How to Nail the Minimalist Interior Aestetic

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Minimalism is hard to nail. In an industry where we’re constantly buying things to clutter our home, realising less is sometimes more is a difficult pill to swallow. Minimalism, though, is an excellent avenue for decluttering your home, leading to less cleaning, less stress and a warmer domestic atmosphere.

Scandinavia and Japanese architects and interior designers are well ahead of the curve when it comes to minimalist design, but it’s easy to borrow some of the core ideals and aspects of the philosophy. Leonardo da Vinci once said that “simplicity is the ultimate sophistication” and he was a pretty smart guy by all accounts.

Multi-Purpose Furniture

Minimalism means being space efficient, but how is it possible to get all of your furniture needs with so little to work with? The answer is multi-purpose furniture, as it can satisfy several needs at once. There is specially-made multi-purpose furniture, but things like stools can serve as seats and bedside tables.

Multi-purpose furniture tends to revolve around shelves put into the bottom of beds or sofas, but this can look a little cluttered for a minimalist look. Typically, you’ll ant furniture that neatly folds its shelves, storage or secondary use away.

Some minimalist homes function on so little furniture as they consistently revolve around a few different pieces. The answer to finding furniture brevity, and therefore minimalism, relies upon using a few pieces for multiple purposes.

Underfloor Heating

Let’s face it: radiators can look ugly. There’s ways to make radiators look less obstructive, but overall, for the most minimal heating options, the answer has to be underfloor heating. Underfloor heating offers adequate warming properties without taking up wall space, which can be used for hangers and other space-efficient furniture.

Underfloor heating is superior for heating wooden or marble floors which, thankfully, fits like a glove around the minimalist aesthetic. Other benefits include being able to walk barefoot around your house in winter, which is always a massive plus.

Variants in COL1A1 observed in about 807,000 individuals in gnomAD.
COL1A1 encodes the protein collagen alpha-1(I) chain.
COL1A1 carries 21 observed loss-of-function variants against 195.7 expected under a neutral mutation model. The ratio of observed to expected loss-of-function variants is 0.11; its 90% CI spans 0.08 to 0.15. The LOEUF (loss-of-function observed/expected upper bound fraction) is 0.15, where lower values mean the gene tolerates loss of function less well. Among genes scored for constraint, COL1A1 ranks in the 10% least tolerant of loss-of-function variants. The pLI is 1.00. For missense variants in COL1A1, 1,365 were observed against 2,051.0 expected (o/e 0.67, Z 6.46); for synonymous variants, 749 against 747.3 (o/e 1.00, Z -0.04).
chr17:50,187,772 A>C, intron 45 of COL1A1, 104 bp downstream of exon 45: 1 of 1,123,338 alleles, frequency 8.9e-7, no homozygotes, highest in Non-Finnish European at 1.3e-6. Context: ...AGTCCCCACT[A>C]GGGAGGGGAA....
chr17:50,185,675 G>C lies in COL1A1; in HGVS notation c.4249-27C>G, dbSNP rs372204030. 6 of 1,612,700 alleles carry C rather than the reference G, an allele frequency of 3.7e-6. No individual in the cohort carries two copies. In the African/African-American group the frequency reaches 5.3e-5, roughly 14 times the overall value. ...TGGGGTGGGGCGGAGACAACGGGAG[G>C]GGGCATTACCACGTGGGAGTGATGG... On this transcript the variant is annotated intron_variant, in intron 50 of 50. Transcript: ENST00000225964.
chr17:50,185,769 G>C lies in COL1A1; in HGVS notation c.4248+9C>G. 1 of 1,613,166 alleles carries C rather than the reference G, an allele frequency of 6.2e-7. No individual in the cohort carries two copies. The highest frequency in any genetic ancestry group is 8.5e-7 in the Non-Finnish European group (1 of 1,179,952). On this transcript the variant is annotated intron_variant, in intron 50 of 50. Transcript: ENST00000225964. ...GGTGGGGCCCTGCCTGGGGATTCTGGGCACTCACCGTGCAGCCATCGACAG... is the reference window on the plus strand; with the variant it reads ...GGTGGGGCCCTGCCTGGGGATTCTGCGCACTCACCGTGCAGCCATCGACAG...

Low Platform Beds

Beds can take up a load of space, but using a platform bed can give your bedroom a minimal, Asian-inspired look. A platform bed looks really minimal and space-efficient, while offering enough room underneath for some storage.

Really low platform beds look the best for the minimalist aesthetic, though, as they’re so close to the ground. This allows you to be flexible about where you place your bed, opening up options to place it in the centre of the room. Having a low bed makes the room feel larger and less claustrophobic by making your ceilings appear higher.

Quality Over Quantity

Minimalism’s reliance on a few key pieces per room means you should invest in quality over quantity. The whole philosophy, even outside of design, focuses on this ideal: that we should have a few items of good quality as opposed to a numerous items of middling quality.

By focusing your room around a few central pieces, it can help bring out the personality in each piece. Instead of your favourite pieces of furniture being lost in everything else, put them as the centrepiece by removing the clutter.

Don’t Forget About Cups, Cutlery and Small Things!

When you strip everything back, it allows the smaller parts of your home to shine. When you dedicate to the minimalist aesthetic, everything becomes precious. Space-efficiency can stretch to your cutlery and cups, too. Things like stackable mugs can save on loads of space.

Ensure your cups, mugs and cutlery match the rest of the room; if you have a tonally consistent room, don’t ruin it with a bright pink holiday mug from Magaluf. While minimalism doesn’t leave much room for ornaments and pictures, having a few around can make a room pop, too. Plants are amazing in a minimalist room, too.

Let The Light In

Natural light is your friend when it comes to minimalism. Light source such as lamps can clutter a space, but overall, if you’ve gone for lighter, consistent tones, then natural light will let it pop best.

Plus, if you’re going to approach it from the Zen side of things, all you really need is natural light, eh?

Overall, opting for minimalism is a big step. It involves giving or throwing away a bunch of things we think we’re attached to, but in the end, it helps make your home stress-free and cleaner.

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